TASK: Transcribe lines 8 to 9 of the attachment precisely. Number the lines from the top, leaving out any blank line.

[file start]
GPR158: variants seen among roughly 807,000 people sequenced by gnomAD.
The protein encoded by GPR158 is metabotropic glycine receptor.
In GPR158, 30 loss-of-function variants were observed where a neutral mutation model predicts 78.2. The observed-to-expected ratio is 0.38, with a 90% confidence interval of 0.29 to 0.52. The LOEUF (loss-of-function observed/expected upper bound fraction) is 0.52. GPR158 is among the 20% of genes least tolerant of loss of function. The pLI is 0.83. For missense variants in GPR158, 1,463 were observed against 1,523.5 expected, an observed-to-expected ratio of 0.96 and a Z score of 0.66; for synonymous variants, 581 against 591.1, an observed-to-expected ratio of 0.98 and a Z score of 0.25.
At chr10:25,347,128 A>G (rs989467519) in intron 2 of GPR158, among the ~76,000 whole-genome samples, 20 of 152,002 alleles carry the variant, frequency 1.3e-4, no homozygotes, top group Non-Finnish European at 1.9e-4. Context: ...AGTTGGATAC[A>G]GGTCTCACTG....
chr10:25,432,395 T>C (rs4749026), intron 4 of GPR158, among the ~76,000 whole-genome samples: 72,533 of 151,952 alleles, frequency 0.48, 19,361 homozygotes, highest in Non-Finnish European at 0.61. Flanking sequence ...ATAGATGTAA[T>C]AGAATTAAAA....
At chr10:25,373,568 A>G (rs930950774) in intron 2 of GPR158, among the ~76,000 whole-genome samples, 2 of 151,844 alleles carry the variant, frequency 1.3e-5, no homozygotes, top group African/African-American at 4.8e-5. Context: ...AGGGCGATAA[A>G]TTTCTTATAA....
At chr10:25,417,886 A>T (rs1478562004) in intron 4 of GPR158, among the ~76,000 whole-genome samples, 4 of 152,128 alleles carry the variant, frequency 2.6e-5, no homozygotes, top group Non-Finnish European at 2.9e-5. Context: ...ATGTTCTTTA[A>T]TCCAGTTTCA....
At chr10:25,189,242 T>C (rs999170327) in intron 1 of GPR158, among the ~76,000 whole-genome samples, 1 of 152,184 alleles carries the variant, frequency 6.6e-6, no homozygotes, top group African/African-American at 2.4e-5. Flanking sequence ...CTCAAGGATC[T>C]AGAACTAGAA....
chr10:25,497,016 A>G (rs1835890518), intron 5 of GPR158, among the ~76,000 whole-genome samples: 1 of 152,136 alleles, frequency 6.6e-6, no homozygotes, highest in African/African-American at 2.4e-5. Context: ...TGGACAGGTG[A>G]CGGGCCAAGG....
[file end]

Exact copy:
At chr10:25,189,242 T>C (rs999170327) in intron 1 of GPR158, among the ~76,000 whole-genome samples, 1 of 152,184 alleles carries the variant, frequency 6.6e-6, no homozygotes, top group African/African-American at 2.4e-5. Flanking sequence ...CTCAAGGATC[T>C]AGAACTAGAA....
chr10:25,497,016 A>G (rs1835890518), intron 5 of GPR158, among the ~76,000 whole-genome samples: 1 of 152,136 alleles, frequency 6.6e-6, no homozygotes, highest in African/African-American at 2.4e-5. Context: ...TGGACAGGTG[A>G]CGGGCCAAGG....